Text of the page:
Monday, September 28, 2020

The Health Risks Behind Full-Figured Latinos

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Latinos are highly regarded for being a community that values family and traditional cuisine, but a recent health report suggests that compared to any other ethnic group in the nation, Latinos are more prone to health risks due to an increase in full-figured bodies.

“This is the problem within the [Latino] community,” wrote Elma Dieppa in a blog post honoring her diabetic cousin, Helen Casillas, who died of a heart attack at age 44. “We love our curves, but the line between beautiful and deadly curves is blurred.”

At their core, authentic Latino dishes include fresh fruits, herbs and beans, all of which are healthy, but Latinos are still overall less likely to lose weight. In a 2010 study, researchers surveyed Latina women about their weight and found that about 25% of the overweight Latina women perceived their weight as “normal,” while only 15% of non-Latino white women did.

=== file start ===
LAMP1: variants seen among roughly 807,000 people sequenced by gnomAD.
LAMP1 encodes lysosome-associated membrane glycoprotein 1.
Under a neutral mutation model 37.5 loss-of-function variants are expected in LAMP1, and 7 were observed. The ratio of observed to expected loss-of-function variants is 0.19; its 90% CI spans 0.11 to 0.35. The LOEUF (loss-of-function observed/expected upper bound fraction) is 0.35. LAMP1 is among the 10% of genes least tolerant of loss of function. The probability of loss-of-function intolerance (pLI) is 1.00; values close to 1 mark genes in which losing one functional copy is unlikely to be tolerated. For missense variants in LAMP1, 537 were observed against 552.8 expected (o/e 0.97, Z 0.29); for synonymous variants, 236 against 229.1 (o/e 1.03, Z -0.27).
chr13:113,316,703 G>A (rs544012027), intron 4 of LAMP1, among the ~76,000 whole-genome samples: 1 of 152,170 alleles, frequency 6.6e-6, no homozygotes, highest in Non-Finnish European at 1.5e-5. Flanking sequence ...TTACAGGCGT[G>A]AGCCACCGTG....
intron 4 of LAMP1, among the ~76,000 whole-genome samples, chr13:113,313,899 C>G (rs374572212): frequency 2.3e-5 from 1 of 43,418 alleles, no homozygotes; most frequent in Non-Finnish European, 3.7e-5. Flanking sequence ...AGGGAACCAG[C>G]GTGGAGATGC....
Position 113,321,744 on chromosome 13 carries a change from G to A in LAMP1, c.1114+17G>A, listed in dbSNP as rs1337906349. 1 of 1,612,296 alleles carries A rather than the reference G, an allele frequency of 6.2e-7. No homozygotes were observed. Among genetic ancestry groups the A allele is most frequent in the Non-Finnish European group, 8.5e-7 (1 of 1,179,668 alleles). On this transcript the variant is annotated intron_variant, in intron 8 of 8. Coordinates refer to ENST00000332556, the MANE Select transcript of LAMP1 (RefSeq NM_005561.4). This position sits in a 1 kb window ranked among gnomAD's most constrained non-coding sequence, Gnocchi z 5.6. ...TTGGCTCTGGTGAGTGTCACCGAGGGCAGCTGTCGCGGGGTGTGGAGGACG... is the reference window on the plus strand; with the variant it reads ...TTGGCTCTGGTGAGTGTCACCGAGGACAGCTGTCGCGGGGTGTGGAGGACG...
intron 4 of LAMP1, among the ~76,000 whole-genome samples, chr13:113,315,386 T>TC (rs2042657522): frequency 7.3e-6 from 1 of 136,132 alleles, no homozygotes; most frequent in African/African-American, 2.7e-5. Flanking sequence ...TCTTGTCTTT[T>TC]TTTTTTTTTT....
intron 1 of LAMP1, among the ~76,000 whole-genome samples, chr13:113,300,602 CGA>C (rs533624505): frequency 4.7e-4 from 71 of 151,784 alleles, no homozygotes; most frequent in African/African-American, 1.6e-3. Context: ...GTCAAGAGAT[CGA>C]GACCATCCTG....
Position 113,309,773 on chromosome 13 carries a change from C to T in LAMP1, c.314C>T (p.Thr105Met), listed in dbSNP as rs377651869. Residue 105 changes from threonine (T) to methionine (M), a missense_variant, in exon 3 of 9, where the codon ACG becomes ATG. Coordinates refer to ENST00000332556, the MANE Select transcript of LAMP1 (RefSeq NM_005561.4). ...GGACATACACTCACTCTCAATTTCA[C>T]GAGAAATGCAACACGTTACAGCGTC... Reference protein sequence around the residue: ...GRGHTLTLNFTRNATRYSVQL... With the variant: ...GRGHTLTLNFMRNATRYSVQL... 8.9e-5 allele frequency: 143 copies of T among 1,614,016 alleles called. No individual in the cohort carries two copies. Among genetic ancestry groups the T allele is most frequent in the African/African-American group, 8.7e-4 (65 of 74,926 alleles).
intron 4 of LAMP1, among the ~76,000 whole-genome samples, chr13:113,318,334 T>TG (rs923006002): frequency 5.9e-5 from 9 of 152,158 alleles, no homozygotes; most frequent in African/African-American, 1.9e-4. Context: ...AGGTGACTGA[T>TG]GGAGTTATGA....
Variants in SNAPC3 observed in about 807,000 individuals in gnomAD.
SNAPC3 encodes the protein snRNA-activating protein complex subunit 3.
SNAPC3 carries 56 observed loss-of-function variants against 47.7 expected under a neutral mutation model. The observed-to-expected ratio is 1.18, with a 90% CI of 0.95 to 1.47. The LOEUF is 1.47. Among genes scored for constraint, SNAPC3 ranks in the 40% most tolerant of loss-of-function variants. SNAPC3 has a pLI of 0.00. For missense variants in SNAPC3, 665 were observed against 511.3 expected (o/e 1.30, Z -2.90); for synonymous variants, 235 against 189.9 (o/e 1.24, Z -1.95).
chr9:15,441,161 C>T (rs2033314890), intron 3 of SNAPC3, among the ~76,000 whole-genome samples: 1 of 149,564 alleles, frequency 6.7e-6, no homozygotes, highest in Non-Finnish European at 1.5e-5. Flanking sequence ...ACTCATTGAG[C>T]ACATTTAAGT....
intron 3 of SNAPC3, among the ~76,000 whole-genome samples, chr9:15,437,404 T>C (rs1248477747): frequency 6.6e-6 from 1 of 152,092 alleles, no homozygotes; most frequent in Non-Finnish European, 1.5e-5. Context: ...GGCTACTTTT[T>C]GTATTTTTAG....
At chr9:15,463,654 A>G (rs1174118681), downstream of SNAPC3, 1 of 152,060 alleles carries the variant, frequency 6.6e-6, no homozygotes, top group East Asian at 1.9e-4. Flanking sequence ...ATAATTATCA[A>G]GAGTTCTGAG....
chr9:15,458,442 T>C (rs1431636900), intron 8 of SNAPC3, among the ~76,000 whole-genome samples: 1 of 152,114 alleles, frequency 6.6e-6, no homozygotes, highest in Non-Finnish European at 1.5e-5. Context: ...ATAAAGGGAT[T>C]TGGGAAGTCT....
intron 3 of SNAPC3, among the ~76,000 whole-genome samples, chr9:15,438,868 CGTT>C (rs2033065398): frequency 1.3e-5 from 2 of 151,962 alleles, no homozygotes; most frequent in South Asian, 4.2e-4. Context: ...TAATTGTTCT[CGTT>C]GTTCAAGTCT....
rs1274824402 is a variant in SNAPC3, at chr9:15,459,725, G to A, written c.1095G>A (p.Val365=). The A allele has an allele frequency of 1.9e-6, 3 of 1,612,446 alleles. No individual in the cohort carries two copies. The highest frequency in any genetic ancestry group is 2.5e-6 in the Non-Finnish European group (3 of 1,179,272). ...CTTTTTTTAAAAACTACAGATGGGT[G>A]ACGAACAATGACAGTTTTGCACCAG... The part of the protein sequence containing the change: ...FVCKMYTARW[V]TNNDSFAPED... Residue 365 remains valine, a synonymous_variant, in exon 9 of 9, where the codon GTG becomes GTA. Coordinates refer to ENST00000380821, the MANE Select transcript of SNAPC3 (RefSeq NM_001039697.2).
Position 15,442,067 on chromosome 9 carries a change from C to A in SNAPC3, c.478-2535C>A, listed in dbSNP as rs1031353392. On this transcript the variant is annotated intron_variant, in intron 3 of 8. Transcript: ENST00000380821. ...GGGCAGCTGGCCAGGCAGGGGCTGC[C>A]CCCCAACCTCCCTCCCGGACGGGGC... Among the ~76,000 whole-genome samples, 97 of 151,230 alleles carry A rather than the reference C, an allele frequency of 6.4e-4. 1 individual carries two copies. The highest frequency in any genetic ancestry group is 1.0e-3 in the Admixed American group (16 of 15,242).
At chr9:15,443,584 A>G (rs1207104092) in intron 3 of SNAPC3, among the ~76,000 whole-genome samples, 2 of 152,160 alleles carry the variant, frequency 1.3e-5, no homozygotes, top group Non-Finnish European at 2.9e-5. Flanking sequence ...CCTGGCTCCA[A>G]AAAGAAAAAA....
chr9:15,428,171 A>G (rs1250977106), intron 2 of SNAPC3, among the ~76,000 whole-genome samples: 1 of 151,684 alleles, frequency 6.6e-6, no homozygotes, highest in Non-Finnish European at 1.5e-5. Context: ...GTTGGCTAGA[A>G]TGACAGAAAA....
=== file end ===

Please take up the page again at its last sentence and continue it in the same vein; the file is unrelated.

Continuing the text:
According to the American Diabetes Association, debilitating diseases like Diabetes, obesity, and strokes disproportionately affect Latinos. Although food and family play an important role in the Latino community, experts have said that immigration and acculturation to the U.S. have affected many eating behaviors within Latino households, particularly with less sitting at the dinner table and preparing fewer home-cooked meals while buying more cheap and convenient fast foods loaded with sodium, fat and sugar.

“Familism is very strong in the Latino culture,” said Manuela McDonough, program manager for the Institute for Hispanic Health at NCLR. “The act of sitting down at the dinner table is more important than the actual food.” NCLR is aiming to implement a healthier shopping program “Comprando Rico y Sano” to help Latinos make healthier and more economical choices.

CNN Latino